Laguna de la Restinga

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Laguna de la Restinga
IUCN category II (national park)
La Restinga.JPG
Map showing the location of Laguna de la Restinga
Map showing the location of Laguna de la Restinga
Location of Laguna de la Restinga National Park
Location Isla Margarita, Venezuela
Coordinates 10°59′15″N 64°08′58″W / 10.987453°N 64.149354°W / 10.987453; -64.149354Coordinates: 10°59′15″N 64°08′58″W / 10.987453°N 64.149354°W / 10.987453; -64.149354
Area 188 square kilometres (73 sq mi)
Established 6 February 1974
Governing body INPARQUES
http://www.inparques.gob.ve/index.php?parques=view&codigo=pn_0012&sec=1

Laguna de la Restinga is a national park on the Isla Margarita, Nueva Esparta state, Venezuela. The main part of the park is a large salt lagoon, rich in fish and birdlife. It is on the Ramsar list of wetlands of international importance,[1] and is classified as an Important Bird Area.[2]

Location[edit]

The park lies between the eastern part of Margarita island and the Macanao Peninsula, which are connected only by a thin bar, or strip of land.[3] The bar stretches more than 15 miles (24 km) from La Guardia on the main island to Punta Tigre on the peninsula.[4] The park was created by government decree on 6 February 1974, and initially covered an area of 10,700 hectares (26,000 acres).[5] It features a 2,500 hectares (6,200 acres) saline lagoon fringed by mangroves and holding large mangrove islands, with 18 kilometres (11 mi) of channels.[6] The shallow lagoon is separated from the sea to the north by a bar of sand and sea shells.[7] To the south a broad channel connects the lagoon with the sea. The west coast is rocky, with cliffs and small beaches. The climate is arid or semi-arid, with mean annual temperature of 27 °C (81 °F) and mean annual precipitation of 300 to 400 millimetres (12 to 16 in).[7]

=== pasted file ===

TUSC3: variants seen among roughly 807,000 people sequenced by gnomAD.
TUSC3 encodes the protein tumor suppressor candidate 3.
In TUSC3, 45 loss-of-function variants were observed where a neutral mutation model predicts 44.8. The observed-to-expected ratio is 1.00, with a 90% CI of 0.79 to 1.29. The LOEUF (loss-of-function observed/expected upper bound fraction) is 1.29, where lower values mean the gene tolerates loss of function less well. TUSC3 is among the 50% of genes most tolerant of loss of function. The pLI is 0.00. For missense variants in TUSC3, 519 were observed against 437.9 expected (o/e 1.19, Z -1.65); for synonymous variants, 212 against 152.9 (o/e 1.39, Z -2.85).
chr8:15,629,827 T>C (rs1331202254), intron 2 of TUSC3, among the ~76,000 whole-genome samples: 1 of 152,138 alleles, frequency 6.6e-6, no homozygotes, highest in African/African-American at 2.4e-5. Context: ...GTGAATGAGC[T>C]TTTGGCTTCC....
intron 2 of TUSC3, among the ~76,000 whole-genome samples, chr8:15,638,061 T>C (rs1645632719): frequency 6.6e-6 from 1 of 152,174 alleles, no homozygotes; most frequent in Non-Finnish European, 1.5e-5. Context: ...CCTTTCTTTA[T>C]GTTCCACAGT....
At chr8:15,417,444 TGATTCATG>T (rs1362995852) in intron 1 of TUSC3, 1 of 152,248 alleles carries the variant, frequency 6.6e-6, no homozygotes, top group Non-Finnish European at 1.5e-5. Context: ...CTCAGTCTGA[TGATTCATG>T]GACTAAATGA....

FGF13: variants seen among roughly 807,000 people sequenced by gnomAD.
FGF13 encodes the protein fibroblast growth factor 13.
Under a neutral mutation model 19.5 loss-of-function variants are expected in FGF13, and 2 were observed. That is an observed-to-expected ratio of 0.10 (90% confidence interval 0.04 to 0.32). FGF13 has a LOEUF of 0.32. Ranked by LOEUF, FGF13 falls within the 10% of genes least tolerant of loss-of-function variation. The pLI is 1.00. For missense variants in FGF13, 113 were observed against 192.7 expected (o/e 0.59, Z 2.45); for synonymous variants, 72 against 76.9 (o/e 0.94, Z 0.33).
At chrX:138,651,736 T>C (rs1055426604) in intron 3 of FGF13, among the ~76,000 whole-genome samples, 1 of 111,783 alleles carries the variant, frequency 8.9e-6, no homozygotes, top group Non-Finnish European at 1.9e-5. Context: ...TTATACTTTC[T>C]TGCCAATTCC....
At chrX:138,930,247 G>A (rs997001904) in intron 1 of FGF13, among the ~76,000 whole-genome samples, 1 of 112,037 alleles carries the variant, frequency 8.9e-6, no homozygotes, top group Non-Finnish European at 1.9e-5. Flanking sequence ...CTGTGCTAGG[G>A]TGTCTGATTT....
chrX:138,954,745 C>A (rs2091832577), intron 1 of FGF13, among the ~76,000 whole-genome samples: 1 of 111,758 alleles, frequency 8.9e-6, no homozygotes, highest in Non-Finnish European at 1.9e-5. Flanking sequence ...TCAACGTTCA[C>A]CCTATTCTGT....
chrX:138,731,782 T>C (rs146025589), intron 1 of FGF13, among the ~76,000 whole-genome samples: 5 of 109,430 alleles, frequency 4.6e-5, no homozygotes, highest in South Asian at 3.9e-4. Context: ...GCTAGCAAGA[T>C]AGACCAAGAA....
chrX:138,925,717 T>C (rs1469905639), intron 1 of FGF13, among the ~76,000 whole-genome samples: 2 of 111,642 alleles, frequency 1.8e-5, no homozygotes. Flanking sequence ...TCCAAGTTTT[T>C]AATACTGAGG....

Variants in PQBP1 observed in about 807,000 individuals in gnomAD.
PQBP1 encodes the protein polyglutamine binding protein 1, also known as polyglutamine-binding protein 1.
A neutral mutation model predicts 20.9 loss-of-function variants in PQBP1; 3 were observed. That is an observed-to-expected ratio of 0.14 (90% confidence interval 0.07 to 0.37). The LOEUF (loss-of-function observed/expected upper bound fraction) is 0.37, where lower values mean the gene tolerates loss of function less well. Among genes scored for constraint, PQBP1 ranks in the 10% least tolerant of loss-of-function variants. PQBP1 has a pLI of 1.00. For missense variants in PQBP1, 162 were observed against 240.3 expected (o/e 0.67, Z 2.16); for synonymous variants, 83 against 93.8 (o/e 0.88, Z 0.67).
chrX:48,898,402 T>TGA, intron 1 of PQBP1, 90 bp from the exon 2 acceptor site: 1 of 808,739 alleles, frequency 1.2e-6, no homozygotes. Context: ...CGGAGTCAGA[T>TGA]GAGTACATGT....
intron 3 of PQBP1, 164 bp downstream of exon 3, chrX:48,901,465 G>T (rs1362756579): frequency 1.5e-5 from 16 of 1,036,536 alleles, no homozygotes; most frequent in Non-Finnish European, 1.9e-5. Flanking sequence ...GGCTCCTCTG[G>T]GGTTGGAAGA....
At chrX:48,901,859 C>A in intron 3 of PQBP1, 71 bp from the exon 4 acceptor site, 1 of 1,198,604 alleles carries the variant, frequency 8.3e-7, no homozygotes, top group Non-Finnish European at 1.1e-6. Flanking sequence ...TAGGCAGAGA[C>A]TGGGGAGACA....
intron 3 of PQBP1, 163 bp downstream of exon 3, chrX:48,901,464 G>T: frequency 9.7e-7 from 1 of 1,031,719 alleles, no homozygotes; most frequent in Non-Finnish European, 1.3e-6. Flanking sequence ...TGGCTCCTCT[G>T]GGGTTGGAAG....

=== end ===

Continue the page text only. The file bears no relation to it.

Flora[edit]

The park is in Venezuelan Dry Forest biogeographical province. Inside the lagoon there are mangrove forests covering 910 hectares (2,200 acres) containing red mangrove (Rhizophora mangle), black mangrove (Avicennia nitida) and 1 hectare (2.5 acres) of white mangrove (Laguncularia racemosa). The sandbar has buttonwood mangrove (Conocarpus erectus) and various types of grass. The land surrounding the saltwater is covered by xerophytes.[7] The semi-desert tropical climate supports thornwood and shrub forest.[5]

Fauna[edit]

The lagoon, at most 8 feet (2.4 m) deep, is home to red snappers, gruntfish, sardines, swordfish and black mullets. Oysters cling to the mangrove roots. Birds that feed in the lagoon include scarlet ibis, red-legged tinamous, frigatebirds, blue herons, green herons, great egrets, ground doves, cormorants and flamingos.[4] Three endemic land species are present: the deer Odocoileus carriacou margaritae, the rabbit Sylvilagus floridanus margaritae and the snake Leptotyphlops albifrons margaritae.[7]

Tourism[edit]

Tourists can reach the embarkation pier in the lagoon by bus from Porlamar. Five seat motorboats from there take visitors for a trip through the interconnecting channels through the mangroves, some with romantic names like Mi Dulce Amor (My Sweet Love) or Túnel de los Enamorados (Lovers Tunnel). The boats take visitors to an open-air shack serving fresh fried fish on a shell beach.[8]

Gallery[edit]

References[edit]

Citations[edit]

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